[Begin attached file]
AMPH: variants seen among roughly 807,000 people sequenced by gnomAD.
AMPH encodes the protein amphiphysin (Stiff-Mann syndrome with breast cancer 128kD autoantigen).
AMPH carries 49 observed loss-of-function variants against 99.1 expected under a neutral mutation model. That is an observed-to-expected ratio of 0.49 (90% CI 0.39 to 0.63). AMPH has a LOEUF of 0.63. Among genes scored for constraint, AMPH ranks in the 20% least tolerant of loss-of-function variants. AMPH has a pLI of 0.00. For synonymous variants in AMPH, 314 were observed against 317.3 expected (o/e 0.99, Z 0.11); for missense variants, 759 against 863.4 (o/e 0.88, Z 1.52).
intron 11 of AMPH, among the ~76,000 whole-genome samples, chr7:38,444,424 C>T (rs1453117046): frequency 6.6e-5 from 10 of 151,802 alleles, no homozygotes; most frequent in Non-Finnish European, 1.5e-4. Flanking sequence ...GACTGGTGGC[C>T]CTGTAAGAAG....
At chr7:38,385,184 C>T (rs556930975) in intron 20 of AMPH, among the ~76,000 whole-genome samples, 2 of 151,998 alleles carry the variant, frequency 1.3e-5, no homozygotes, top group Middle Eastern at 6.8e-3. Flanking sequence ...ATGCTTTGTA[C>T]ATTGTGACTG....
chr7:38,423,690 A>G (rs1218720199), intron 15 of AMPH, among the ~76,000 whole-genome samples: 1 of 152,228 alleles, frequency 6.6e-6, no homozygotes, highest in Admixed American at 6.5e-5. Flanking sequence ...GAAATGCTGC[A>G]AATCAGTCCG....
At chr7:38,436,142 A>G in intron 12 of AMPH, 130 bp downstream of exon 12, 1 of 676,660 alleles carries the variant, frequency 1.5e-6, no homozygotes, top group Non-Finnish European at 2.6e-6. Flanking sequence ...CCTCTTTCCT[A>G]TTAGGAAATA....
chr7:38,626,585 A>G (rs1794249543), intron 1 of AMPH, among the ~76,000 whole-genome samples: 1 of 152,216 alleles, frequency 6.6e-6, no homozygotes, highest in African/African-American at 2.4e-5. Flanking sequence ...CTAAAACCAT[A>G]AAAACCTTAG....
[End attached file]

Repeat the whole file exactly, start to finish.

AMPH: variants seen among roughly 807,000 people sequenced by gnomAD.
AMPH encodes the protein amphiphysin (Stiff-Mann syndrome with breast cancer 128kD autoantigen).
AMPH carries 49 observed loss-of-function variants against 99.1 expected under a neutral mutation model. That is an observed-to-expected ratio of 0.49 (90% CI 0.39 to 0.63). AMPH has a LOEUF of 0.63. Among genes scored for constraint, AMPH ranks in the 20% least tolerant of loss-of-function variants. AMPH has a pLI of 0.00. For synonymous variants in AMPH, 314 were observed against 317.3 expected (o/e 0.99, Z 0.11); for missense variants, 759 against 863.4 (o/e 0.88, Z 1.52).
intron 11 of AMPH, among the ~76,000 whole-genome samples, chr7:38,444,424 C>T (rs1453117046): frequency 6.6e-5 from 10 of 151,802 alleles, no homozygotes; most frequent in Non-Finnish European, 1.5e-4. Flanking sequence ...GACTGGTGGC[C>T]CTGTAAGAAG....
At chr7:38,385,184 C>T (rs556930975) in intron 20 of AMPH, among the ~76,000 whole-genome samples, 2 of 151,998 alleles carry the variant, frequency 1.3e-5, no homozygotes, top group Middle Eastern at 6.8e-3. Flanking sequence ...ATGCTTTGTA[C>T]ATTGTGACTG....
chr7:38,423,690 A>G (rs1218720199), intron 15 of AMPH, among the ~76,000 whole-genome samples: 1 of 152,228 alleles, frequency 6.6e-6, no homozygotes, highest in Admixed American at 6.5e-5. Flanking sequence ...GAAATGCTGC[A>G]AATCAGTCCG....
At chr7:38,436,142 A>G in intron 12 of AMPH, 130 bp downstream of exon 12, 1 of 676,660 alleles carries the variant, frequency 1.5e-6, no homozygotes, top group Non-Finnish European at 2.6e-6. Flanking sequence ...CCTCTTTCCT[A>G]TTAGGAAATA....
chr7:38,626,585 A>G (rs1794249543), intron 1 of AMPH, among the ~76,000 whole-genome samples: 1 of 152,216 alleles, frequency 6.6e-6, no homozygotes, highest in African/African-American at 2.4e-5. Flanking sequence ...CTAAAACCAT[A>G]AAAACCTTAG....